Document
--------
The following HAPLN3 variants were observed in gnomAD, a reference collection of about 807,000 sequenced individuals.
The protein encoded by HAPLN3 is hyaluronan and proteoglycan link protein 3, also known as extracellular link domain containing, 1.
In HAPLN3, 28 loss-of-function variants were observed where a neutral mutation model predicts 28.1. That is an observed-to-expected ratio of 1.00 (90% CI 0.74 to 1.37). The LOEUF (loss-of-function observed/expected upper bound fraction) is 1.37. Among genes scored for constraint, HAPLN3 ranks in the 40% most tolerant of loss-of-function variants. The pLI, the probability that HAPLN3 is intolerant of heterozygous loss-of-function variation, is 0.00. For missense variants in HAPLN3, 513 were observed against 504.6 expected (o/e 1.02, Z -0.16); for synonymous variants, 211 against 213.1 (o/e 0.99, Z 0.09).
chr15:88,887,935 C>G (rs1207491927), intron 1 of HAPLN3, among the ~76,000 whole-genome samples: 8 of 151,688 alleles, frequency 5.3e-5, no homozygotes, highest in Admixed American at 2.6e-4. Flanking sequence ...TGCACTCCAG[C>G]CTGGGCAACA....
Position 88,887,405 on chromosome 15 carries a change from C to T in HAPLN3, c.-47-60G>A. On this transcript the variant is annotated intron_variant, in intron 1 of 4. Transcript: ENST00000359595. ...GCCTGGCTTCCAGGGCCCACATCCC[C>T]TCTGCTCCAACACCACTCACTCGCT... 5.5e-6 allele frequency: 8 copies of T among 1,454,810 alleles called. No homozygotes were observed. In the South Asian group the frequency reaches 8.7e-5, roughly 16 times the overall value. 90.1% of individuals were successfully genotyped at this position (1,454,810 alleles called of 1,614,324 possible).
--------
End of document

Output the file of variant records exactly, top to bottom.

The following HAPLN3 variants were observed in gnomAD, a reference collection of about 807,000 sequenced individuals.
The protein encoded by HAPLN3 is hyaluronan and proteoglycan link protein 3, also known as extracellular link domain containing, 1.
In HAPLN3, 28 loss-of-function variants were observed where a neutral mutation model predicts 28.1. That is an observed-to-expected ratio of 1.00 (90% CI 0.74 to 1.37). The LOEUF (loss-of-function observed/expected upper bound fraction) is 1.37. Among genes scored for constraint, HAPLN3 ranks in the 40% most tolerant of loss-of-function variants. The pLI, the probability that HAPLN3 is intolerant of heterozygous loss-of-function variation, is 0.00. For missense variants in HAPLN3, 513 were observed against 504.6 expected (o/e 1.02, Z -0.16); for synonymous variants, 211 against 213.1 (o/e 0.99, Z 0.09).
chr15:88,887,935 C>G (rs1207491927), intron 1 of HAPLN3, among the ~76,000 whole-genome samples: 8 of 151,688 alleles, frequency 5.3e-5, no homozygotes, highest in Admixed American at 2.6e-4. Flanking sequence ...TGCACTCCAG[C>G]CTGGGCAACA....
Position 88,887,405 on chromosome 15 carries a change from C to T in HAPLN3, c.-47-60G>A. On this transcript the variant is annotated intron_variant, in intron 1 of 4. Transcript: ENST00000359595. ...GCCTGGCTTCCAGGGCCCACATCCC[C>T]TCTGCTCCAACACCACTCACTCGCT... 5.5e-6 allele frequency: 8 copies of T among 1,454,810 alleles called. No homozygotes were observed. In the South Asian group the frequency reaches 8.7e-5, roughly 16 times the overall value. 90.1% of individuals were successfully genotyped at this position (1,454,810 alleles called of 1,614,324 possible).